Penance by Tony Curtis
From Gillian Goetzee's complete Key Stage 3 study unit, click here
And still they live in unforgiven places,
on the sides of arthritic hills,
where low walls hide the sea and the sea
hides the dead, though the dead still whisper
in their silent graves, ‘I’m cold, I’m cold.’
Enough bog here to stoke the fires of Hell,
and stones so many you’d think they grew
in the soil. Though nothing ever grows.
God knows there was more wood on Calvary
This morning, on a high road beyond Cleggan,
I passed the ruins of a deserted cottage,
and a ruined cottage that looked deserted,
only a man eyed me. I asked where the road went?
‘To the end,’ he said, ‘the end.’ Then shuffled off.
Past, suffering, death
This poem is set in Connemara, a country area in The Republic of Ireland. It is now a tourist destination, but it was a place where many people died of starvation in the middle of the nineteenth century.
The main food of many Irish people was potatoes and when a potato disease spread through the country there was hardly anything to eat. Some people argue that the English who ruled Ireland then could have helped more, and perhaps the English made the famine worse than it needed to be.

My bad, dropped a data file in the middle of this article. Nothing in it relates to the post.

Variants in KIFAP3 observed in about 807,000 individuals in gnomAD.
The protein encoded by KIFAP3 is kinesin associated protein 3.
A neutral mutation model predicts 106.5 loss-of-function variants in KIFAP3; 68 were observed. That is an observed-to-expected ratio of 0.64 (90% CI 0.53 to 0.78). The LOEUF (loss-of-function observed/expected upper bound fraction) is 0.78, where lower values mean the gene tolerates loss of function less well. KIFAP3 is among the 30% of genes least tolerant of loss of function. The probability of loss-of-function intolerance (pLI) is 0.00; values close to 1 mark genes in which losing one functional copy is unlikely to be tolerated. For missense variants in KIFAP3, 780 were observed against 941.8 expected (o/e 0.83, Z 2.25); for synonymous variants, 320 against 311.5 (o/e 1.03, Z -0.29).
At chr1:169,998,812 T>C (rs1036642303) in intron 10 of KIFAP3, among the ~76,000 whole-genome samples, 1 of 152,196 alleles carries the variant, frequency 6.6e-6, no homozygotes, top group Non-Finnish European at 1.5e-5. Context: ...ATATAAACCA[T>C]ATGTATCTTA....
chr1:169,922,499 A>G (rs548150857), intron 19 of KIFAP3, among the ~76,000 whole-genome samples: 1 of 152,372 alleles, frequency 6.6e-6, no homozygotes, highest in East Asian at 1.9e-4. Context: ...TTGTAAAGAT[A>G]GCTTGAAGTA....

To the Irish people now the Famine is a powerful memory as so many died and so many emigrated to escape.
The past and suffering and death are very present in the poem.
How does Curtis present the landscape of Connemara
in his poem ‘Penance’?
Use the questions below and your answers to help you.
What factual details about the landscape of Connemara do you find out about?
How does Curtis create a sense of the past in the first stanza?
How does Curtis create a mood of suffering in the first stanza?
How is the mood of suffering added to in the second stanza?
Why does Curtis decide to start a new stanza after line 9?
What is important about the man, where he lives, what he does and what he says?
How does Curtis make a poem about lasting suffering a little bit funny?
Think about the title, you may have to use a dictionary, and suggest who Curtis feels is responsible for the suffering, for the Famine. Try to find other clues in the poem.